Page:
Amy Winehouse's status as a cultural icon looks set to be canonised as plans to install a life-sized statue of the "Back to Black" singer in her native Camden are approved by the local council in the same week the Jewish Museum announces an exhibition dedicated to her.
Camden Council's Town Hall planners have given the green light to the installation of a bronze statue of the performer by Scott Easton. It will stand on the first floor balcony outside the Roundhouse on Chalk Farm Road.
The singer, who died at her home in July 2011 aged of 27, will also be honoured with a 10-week exhibition at the Jewish Museum, also in London's Camden where the singer lived and socialised.
The exhibition will include Winehouse' first guitar, some of her clothes, records and Grammy Awards. Amy Winehouse: A Family Portrait is being put together by her brother Alex and sister-in-law Riva. It opens on 3 July and will run until September 15.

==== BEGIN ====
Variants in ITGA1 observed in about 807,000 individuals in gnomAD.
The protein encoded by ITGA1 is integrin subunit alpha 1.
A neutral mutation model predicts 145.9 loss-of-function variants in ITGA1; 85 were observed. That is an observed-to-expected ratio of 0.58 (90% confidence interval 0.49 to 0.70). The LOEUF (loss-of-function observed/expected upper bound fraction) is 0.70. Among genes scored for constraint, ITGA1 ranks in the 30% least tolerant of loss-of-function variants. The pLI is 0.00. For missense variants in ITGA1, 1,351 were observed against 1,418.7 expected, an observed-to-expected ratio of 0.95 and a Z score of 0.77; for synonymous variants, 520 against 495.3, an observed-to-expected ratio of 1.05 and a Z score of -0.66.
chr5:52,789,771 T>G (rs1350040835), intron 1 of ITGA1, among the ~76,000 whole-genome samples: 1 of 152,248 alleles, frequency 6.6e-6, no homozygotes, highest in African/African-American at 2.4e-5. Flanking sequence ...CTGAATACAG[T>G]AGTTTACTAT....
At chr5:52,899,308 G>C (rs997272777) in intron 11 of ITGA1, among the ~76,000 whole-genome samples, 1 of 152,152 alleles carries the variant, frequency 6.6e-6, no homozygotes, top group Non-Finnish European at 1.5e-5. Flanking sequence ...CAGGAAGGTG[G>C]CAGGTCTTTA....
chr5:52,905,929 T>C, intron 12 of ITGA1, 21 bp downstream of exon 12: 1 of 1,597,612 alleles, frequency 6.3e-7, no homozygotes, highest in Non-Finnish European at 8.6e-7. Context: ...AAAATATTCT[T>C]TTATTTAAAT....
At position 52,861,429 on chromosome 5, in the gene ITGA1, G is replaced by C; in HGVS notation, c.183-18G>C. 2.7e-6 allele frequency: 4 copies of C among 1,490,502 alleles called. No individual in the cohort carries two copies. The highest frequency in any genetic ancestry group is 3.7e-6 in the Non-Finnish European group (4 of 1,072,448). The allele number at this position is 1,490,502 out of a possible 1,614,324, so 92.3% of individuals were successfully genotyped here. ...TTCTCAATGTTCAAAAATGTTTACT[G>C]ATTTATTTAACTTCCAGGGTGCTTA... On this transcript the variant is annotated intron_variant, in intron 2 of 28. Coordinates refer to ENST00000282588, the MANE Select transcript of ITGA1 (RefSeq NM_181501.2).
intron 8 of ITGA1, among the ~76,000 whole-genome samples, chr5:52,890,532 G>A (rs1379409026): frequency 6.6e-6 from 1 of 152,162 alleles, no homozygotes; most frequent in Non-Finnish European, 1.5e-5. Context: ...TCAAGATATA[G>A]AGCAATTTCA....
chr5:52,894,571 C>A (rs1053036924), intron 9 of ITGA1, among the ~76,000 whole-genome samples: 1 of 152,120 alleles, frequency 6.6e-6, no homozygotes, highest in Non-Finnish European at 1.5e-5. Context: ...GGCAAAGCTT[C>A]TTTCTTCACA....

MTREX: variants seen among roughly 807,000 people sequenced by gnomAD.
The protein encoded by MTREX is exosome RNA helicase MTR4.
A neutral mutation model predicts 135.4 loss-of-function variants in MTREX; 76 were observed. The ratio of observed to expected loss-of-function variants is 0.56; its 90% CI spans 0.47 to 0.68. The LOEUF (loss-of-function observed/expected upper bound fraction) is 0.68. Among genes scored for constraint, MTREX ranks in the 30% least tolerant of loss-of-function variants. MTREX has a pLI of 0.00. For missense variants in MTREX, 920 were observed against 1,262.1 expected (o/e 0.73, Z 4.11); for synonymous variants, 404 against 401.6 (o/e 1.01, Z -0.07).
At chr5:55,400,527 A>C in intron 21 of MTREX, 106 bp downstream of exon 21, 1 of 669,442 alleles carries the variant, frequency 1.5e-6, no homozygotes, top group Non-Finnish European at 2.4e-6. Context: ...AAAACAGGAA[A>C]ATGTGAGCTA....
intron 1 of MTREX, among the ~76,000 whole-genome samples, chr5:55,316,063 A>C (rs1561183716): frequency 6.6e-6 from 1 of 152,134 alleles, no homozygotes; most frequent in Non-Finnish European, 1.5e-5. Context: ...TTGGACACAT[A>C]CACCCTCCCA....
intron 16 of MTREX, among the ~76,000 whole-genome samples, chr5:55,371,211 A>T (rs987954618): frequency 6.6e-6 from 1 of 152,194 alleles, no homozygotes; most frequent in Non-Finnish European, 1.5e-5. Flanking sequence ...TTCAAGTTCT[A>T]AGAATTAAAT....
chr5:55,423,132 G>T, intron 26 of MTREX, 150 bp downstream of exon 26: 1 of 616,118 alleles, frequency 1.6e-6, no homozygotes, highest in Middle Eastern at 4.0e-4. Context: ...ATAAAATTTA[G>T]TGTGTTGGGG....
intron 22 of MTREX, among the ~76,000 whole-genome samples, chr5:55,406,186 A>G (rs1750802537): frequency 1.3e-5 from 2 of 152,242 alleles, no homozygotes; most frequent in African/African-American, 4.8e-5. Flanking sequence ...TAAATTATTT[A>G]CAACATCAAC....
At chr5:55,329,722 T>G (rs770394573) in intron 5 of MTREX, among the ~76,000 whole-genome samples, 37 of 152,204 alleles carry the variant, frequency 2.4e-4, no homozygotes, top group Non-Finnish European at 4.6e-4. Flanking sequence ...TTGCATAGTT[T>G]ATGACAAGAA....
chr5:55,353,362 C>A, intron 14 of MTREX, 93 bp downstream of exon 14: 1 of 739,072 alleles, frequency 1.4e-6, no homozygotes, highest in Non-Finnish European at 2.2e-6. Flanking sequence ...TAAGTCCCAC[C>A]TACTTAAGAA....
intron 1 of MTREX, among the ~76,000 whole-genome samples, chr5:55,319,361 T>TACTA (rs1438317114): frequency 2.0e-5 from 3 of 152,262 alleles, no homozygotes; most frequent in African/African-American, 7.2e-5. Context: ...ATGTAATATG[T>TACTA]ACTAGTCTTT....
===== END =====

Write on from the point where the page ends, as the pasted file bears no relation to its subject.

"Amy was someone who was incredibly proud of her Jewish-London roots. Whereas other families would go to the seaside on a sunny day, we'd always go down to the East End," her brother Alex said.
"That was who we were and what we were. We weren't religious, but we were traditional. I hope, in this most fitting of places, that the world gets to see this other side not just to Amy, but to our typical Jewish family."
A documentary by Bafta-winning Senna director Asif Kapadia is also being made about Winehouse's short life. The film, which is yet to be given a title, will be sold to international buyers at the Cannes Film Festival in May.
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